utimensat_time32 - Change the timestamps of a file with nanosecond precision using a relative or an absolute 30-bit timestamp
The utimensat_time32 system call changes the timestamps of a file, similar to the utime system call. It is part of the Advanced Linux Programming Interface (ALP) and offers an improved timestamp range and higher precision of file time handling compared to its predecessor. It supports nanosecond resolution on 32-bit architectures inside the old_timespec32 structure which can be used to specify an absolute or relative timestamp.
The flags parameter can be used to indicate if the t parameter should be used as an absolute (0) or relative (UTIME_NOW, UTIME_OMIT) timestamp for the file. If the AT_SYMLINK_NOFOLLOW flag is passed, the system call does not follow symbolic links, but fails when the specified file is a symbolic link.
Are there any edge-cases, drawbacks or advantages of using it? Due to its use of the old_timespec32 structure, utimensat_time32 can only specify a time in a range of ~1902 to 2038. As such, it is not suitable for applications needing a more flexible timestamp range.
unsigned int[K] - The file descriptor of the directory containing the file whose timestamps should be changed. A value of AT_FDCWD can be used to indicate the current working directory.
char*[U] - Pointer to the name of the file whose timestamps should be changed.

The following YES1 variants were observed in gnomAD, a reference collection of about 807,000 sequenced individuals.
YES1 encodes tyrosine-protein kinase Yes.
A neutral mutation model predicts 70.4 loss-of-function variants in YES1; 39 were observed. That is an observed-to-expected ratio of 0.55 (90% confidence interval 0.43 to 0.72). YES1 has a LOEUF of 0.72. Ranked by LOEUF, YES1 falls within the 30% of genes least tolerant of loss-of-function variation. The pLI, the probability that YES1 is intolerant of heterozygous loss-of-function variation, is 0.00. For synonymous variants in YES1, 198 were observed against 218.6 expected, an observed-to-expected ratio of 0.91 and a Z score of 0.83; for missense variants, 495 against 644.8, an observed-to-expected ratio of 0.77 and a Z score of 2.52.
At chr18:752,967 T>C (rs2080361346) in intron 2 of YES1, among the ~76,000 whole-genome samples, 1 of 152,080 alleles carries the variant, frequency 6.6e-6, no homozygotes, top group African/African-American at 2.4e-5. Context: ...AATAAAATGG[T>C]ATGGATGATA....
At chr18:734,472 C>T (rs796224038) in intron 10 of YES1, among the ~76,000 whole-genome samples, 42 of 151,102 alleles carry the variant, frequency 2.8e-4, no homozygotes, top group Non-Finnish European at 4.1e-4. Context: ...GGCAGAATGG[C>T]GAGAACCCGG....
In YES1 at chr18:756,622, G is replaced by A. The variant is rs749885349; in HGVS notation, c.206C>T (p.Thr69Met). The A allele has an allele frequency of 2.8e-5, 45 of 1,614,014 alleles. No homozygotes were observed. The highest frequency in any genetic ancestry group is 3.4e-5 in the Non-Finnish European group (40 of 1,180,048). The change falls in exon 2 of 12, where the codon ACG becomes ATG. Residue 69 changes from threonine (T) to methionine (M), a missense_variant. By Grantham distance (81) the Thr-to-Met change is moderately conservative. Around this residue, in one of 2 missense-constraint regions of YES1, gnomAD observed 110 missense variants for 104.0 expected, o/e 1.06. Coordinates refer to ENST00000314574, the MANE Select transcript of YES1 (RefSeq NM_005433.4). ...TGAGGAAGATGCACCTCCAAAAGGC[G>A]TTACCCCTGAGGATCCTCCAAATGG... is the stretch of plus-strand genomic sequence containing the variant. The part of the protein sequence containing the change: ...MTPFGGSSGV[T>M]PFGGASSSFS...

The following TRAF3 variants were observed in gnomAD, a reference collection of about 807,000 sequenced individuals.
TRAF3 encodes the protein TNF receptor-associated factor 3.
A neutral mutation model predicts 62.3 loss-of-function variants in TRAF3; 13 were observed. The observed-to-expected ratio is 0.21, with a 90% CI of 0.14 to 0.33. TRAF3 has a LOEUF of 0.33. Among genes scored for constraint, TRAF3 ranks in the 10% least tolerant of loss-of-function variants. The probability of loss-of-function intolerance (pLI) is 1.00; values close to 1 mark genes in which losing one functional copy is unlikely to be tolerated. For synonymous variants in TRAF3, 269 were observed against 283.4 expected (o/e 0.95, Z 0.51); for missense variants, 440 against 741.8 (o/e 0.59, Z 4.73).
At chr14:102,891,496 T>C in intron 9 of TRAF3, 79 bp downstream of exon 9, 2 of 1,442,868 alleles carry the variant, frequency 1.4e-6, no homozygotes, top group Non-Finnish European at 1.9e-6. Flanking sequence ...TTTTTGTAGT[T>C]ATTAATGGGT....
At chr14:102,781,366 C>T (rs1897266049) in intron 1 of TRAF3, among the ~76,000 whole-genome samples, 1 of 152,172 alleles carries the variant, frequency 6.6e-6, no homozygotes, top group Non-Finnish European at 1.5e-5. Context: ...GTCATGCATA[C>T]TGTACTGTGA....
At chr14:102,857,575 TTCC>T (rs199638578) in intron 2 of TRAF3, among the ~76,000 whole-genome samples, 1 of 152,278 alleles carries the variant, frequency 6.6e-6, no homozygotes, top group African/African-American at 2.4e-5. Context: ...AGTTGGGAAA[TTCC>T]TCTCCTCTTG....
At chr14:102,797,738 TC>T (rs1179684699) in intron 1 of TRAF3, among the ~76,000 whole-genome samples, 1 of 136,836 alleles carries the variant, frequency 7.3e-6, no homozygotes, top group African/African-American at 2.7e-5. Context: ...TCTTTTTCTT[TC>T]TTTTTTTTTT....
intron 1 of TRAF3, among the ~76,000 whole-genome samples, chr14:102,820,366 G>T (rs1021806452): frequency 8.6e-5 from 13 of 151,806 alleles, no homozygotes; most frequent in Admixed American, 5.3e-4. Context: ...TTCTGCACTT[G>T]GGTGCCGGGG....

struct old_timespec32*[U] - Pointer to the timespec structure containing the desired new timestamp for last access and modification time.
int[K] - Flags controlling the behavior of the system call. Can be used to indicate if timestamp should be set relatively (UTIME_NOW) or absolutely (0).
- K - Originated from kernel-space.
- U - Originated from user space (for example, pointer to user space memory used to get it)
- TOCTOU - Vulnerable to TOCTOU (time of check, time of use)
- OPT - Optional argument - might not always be available (passed with null value)
Locate applications making syscalls to utimensat_time32 and analyze their parameters.
Example Use Case¶
A system administrator could use this event to monitor writes to important files or directories and log whenever their timestamps are changed by any user or process.
Due to the limited range of timespec values (1902-2038), utimensat_time32 is not suitable for applications needing more flexible timestamp handling.
This document was automatically generated by OpenAI and needs review. It might not be accurate and might contain errors. The authors of Tracee recommend that the user reads the "events.go" source file to understand the events and their arguments better.